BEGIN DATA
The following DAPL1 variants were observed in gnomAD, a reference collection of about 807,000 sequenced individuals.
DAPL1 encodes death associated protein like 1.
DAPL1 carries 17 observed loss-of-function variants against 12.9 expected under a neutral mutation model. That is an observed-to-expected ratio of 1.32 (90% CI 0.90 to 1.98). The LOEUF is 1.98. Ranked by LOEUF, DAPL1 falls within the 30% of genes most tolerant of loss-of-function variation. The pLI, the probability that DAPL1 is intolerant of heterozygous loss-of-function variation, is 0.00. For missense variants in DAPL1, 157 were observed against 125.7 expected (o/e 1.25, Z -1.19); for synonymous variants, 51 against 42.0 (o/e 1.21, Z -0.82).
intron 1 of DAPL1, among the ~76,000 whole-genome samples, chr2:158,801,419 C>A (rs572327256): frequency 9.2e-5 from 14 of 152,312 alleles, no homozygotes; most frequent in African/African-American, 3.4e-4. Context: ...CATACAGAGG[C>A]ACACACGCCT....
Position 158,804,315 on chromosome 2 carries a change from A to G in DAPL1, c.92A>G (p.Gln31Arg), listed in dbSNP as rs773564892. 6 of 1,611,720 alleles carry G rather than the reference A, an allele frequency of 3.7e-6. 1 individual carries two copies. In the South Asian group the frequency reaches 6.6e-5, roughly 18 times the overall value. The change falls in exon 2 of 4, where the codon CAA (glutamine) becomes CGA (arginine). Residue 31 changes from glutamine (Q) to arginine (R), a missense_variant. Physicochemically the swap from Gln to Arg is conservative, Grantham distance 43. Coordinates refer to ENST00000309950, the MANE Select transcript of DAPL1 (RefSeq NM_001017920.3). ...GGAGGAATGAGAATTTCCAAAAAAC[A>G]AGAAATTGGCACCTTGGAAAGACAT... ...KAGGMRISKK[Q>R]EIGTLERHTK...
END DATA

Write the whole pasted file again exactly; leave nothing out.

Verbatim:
The following DAPL1 variants were observed in gnomAD, a reference collection of about 807,000 sequenced individuals.
DAPL1 encodes death associated protein like 1.
DAPL1 carries 17 observed loss-of-function variants against 12.9 expected under a neutral mutation model. That is an observed-to-expected ratio of 1.32 (90% CI 0.90 to 1.98). The LOEUF is 1.98. Ranked by LOEUF, DAPL1 falls within the 30% of genes most tolerant of loss-of-function variation. The pLI, the probability that DAPL1 is intolerant of heterozygous loss-of-function variation, is 0.00. For missense variants in DAPL1, 157 were observed against 125.7 expected (o/e 1.25, Z -1.19); for synonymous variants, 51 against 42.0 (o/e 1.21, Z -0.82).
intron 1 of DAPL1, among the ~76,000 whole-genome samples, chr2:158,801,419 C>A (rs572327256): frequency 9.2e-5 from 14 of 152,312 alleles, no homozygotes; most frequent in African/African-American, 3.4e-4. Context: ...CATACAGAGG[C>A]ACACACGCCT....
Position 158,804,315 on chromosome 2 carries a change from A to G in DAPL1, c.92A>G (p.Gln31Arg), listed in dbSNP as rs773564892. 6 of 1,611,720 alleles carry G rather than the reference A, an allele frequency of 3.7e-6. 1 individual carries two copies. In the South Asian group the frequency reaches 6.6e-5, roughly 18 times the overall value. The change falls in exon 2 of 4, where the codon CAA (glutamine) becomes CGA (arginine). Residue 31 changes from glutamine (Q) to arginine (R), a missense_variant. Physicochemically the swap from Gln to Arg is conservative, Grantham distance 43. Coordinates refer to ENST00000309950, the MANE Select transcript of DAPL1 (RefSeq NM_001017920.3). ...GGAGGAATGAGAATTTCCAAAAAAC[A>G]AGAAATTGGCACCTTGGAAAGACAT... ...KAGGMRISKK[Q>R]EIGTLERHTK...